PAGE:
THE SEVENTEENTH DAY OF APRIL IN THE YEAR OF GRACE TWO THOUSAND AND SIXTEEN.
This visit to the cardiologist is supposed to be routine, and that is what it proves to be–routine. We like It when a medical visit turns out to be routine. On this occasion, Dr. Doyle asks a few heart questions to bring my cardiac history up to date. His nurse shoots an EKG and the doctor reviews it. He feels my ankles and carotid arteries, then listens to my lungs and heart all over the chest and back. We chat a little and he rejoices that I have dropped a few pounds. Finally he stands, smiles, shakes my hand, and says, “Everything looks fine. See you in six months.” No procedure needed. No injection required. No new medications. Just a word: Your heart is sound–carry on with life.
It reminds me of the conclusion of the Old Testament ritual for reinstating a cured leper back into the covenant community (Leviticus 14:1-32). Under the Law of Moses, an Israelite who contracts leprosy becomes ceremonially “unclean” and is required to move outside the camp. Even when cured, the former leper has to be certified as cleansed from the disease and also from its stigma that has isolated him or her from the covenant community. What joy the former outcast must feel to hear the priest pronounce him clean and officially present him back to God and to the people (Lev. 14:7, 11).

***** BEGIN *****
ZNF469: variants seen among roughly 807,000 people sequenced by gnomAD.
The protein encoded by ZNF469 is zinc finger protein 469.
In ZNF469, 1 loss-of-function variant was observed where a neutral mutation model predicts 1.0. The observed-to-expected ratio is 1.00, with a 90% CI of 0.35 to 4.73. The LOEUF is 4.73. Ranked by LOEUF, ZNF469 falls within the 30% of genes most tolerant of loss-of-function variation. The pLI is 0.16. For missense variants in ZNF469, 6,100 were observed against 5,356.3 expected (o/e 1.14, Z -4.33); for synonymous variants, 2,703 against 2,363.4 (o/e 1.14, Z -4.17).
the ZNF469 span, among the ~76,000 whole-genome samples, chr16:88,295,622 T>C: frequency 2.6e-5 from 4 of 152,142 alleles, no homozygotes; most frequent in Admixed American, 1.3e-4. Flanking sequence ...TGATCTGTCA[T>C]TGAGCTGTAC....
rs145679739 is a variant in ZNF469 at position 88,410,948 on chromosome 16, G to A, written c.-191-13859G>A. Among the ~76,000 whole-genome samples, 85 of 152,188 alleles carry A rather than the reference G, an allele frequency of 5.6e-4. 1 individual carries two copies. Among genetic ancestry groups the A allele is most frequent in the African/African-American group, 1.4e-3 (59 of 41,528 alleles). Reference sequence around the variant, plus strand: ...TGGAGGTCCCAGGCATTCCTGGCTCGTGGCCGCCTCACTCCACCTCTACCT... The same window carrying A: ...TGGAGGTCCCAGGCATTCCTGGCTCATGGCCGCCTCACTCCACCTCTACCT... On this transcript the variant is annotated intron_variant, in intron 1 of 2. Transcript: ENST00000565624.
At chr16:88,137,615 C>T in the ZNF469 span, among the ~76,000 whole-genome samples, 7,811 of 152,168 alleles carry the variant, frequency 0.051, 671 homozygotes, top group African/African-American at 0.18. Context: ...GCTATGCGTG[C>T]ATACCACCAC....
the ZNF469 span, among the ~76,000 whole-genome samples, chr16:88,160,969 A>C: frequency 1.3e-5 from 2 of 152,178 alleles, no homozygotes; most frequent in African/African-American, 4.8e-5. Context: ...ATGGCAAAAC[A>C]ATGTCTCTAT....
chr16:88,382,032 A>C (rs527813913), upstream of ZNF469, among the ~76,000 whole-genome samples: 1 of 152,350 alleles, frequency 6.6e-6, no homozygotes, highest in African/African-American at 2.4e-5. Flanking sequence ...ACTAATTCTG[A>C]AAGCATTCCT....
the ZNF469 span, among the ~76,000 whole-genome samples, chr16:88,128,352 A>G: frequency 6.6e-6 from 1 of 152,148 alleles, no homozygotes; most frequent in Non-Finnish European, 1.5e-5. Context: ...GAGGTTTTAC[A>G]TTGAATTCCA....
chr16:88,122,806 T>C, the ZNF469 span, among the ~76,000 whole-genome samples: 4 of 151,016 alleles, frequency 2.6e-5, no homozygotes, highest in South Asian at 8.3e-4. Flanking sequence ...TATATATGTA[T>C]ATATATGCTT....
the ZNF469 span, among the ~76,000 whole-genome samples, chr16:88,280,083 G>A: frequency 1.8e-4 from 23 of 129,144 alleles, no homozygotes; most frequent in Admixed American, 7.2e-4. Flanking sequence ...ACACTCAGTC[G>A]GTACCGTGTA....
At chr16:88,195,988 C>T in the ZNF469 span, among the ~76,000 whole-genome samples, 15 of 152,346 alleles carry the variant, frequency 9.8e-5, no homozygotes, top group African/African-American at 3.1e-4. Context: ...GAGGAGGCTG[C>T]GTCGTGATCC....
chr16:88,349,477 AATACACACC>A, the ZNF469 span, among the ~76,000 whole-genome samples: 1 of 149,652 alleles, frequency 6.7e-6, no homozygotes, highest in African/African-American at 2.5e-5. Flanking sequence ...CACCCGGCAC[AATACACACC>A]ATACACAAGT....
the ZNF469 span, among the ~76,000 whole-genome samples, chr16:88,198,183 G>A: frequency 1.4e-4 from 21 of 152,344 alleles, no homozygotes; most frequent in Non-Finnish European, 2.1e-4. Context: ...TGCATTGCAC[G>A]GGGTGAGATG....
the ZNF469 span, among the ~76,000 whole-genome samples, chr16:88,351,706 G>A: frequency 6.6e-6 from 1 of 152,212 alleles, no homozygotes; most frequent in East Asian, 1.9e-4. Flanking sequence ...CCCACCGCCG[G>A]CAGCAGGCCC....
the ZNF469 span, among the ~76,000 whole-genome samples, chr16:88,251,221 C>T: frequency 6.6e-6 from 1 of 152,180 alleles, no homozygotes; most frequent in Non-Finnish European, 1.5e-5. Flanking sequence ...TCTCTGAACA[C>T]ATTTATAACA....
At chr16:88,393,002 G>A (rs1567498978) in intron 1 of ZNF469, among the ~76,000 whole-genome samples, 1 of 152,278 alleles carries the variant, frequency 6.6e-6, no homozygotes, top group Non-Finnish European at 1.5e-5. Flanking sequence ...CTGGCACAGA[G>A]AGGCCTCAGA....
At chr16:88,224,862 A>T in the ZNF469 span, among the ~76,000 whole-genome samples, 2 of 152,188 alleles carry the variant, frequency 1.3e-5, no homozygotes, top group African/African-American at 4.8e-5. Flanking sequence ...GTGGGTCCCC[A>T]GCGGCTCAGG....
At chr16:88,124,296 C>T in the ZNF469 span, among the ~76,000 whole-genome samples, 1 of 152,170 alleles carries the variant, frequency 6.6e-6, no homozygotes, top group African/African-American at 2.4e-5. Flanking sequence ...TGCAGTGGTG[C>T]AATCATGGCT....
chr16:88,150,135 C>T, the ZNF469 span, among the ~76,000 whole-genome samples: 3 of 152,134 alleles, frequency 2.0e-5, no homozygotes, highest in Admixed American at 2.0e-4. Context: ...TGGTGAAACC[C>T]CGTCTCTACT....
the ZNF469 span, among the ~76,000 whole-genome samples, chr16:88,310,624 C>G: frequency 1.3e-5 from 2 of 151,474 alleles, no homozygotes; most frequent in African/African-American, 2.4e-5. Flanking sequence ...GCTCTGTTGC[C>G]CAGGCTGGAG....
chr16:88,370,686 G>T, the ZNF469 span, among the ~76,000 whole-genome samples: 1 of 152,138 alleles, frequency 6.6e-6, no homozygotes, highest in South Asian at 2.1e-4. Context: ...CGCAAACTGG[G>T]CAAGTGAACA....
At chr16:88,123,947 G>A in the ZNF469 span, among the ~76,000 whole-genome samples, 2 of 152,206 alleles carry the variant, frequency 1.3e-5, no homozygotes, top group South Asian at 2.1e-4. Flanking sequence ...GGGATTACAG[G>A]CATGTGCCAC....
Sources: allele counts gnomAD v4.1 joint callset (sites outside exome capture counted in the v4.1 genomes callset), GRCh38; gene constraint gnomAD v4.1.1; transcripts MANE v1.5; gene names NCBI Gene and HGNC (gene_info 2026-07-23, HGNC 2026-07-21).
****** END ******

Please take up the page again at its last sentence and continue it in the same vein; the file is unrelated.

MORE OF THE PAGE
There is an ancient Christian custom of confessing sin and hearing a pronouncement of forgiveness (“absolution”). I am not talking about individuals confessing specific sins to someone in private, but the recitation of a general confession by the whole congregation together, to which a member of the faith community responds in the name of Jesus Christ, assuring us that we are forgiven. There are beautiful forms for this in the Book of Common Prayer (go to: www.bcponline.org/ ) and elsewhere, but I would like to offer a totally-biblical alternative as well.
I have prepared a series of short responsive readings from Scripture for congregational use. Each set includes three parts: a word of confession, a pronouncement of forgiveness and a word of thanks and praise. These readings fit well before the Lords Supper or perhaps near the beginning of a worship assembly. You will find them at: edwardfudge.com/written-ministry/ . This is all the permission you need to print them, copy them, or to forward them to others. Please use them freely to the glory of God.